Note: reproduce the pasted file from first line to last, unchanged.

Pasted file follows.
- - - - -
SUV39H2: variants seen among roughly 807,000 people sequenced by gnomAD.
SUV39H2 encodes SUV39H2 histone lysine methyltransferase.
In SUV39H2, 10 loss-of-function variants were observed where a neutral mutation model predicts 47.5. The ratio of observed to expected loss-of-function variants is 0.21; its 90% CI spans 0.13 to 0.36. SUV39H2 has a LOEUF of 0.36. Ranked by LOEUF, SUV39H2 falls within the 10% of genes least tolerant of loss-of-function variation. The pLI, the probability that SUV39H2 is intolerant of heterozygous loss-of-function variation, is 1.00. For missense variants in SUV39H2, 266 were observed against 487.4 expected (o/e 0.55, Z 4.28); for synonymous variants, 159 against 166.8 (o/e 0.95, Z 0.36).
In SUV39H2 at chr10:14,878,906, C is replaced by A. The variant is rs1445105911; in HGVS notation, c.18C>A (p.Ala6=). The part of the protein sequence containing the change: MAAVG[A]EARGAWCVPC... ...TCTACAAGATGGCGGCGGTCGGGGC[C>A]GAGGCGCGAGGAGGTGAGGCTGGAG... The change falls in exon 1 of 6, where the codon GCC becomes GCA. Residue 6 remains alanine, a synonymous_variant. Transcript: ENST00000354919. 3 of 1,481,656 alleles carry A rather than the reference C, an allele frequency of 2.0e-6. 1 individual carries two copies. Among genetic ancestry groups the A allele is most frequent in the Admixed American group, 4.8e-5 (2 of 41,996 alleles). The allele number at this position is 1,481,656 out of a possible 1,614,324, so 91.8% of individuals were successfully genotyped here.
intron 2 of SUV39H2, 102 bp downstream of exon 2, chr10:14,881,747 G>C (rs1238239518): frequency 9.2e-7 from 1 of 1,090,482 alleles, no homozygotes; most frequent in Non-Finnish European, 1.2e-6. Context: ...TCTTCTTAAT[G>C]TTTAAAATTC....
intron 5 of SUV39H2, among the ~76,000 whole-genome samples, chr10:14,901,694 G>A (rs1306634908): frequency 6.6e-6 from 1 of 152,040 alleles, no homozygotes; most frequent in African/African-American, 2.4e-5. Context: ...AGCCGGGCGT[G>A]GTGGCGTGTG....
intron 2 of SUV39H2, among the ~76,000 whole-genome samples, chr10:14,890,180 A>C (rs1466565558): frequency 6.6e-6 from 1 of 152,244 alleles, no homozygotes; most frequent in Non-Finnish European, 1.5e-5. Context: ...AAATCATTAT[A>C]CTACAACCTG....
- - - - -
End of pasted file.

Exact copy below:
SUV39H2: variants seen among roughly 807,000 people sequenced by gnomAD.
SUV39H2 encodes SUV39H2 histone lysine methyltransferase.
In SUV39H2, 10 loss-of-function variants were observed where a neutral mutation model predicts 47.5. The ratio of observed to expected loss-of-function variants is 0.21; its 90% CI spans 0.13 to 0.36. SUV39H2 has a LOEUF of 0.36. Ranked by LOEUF, SUV39H2 falls within the 10% of genes least tolerant of loss-of-function variation. The pLI, the probability that SUV39H2 is intolerant of heterozygous loss-of-function variation, is 1.00. For missense variants in SUV39H2, 266 were observed against 487.4 expected (o/e 0.55, Z 4.28); for synonymous variants, 159 against 166.8 (o/e 0.95, Z 0.36).
In SUV39H2 at chr10:14,878,906, C is replaced by A. The variant is rs1445105911; in HGVS notation, c.18C>A (p.Ala6=). The part of the protein sequence containing the change: MAAVG[A]EARGAWCVPC... ...TCTACAAGATGGCGGCGGTCGGGGC[C>A]GAGGCGCGAGGAGGTGAGGCTGGAG... The change falls in exon 1 of 6, where the codon GCC becomes GCA. Residue 6 remains alanine, a synonymous_variant. Transcript: ENST00000354919. 3 of 1,481,656 alleles carry A rather than the reference C, an allele frequency of 2.0e-6. 1 individual carries two copies. Among genetic ancestry groups the A allele is most frequent in the Admixed American group, 4.8e-5 (2 of 41,996 alleles). The allele number at this position is 1,481,656 out of a possible 1,614,324, so 91.8% of individuals were successfully genotyped here.
intron 2 of SUV39H2, 102 bp downstream of exon 2, chr10:14,881,747 G>C (rs1238239518): frequency 9.2e-7 from 1 of 1,090,482 alleles, no homozygotes; most frequent in Non-Finnish European, 1.2e-6. Context: ...TCTTCTTAAT[G>C]TTTAAAATTC....
intron 5 of SUV39H2, among the ~76,000 whole-genome samples, chr10:14,901,694 G>A (rs1306634908): frequency 6.6e-6 from 1 of 152,040 alleles, no homozygotes; most frequent in African/African-American, 2.4e-5. Context: ...AGCCGGGCGT[G>A]GTGGCGTGTG....
intron 2 of SUV39H2, among the ~76,000 whole-genome samples, chr10:14,890,180 A>C (rs1466565558): frequency 6.6e-6 from 1 of 152,244 alleles, no homozygotes; most frequent in Non-Finnish European, 1.5e-5. Context: ...AAATCATTAT[A>C]CTACAACCTG....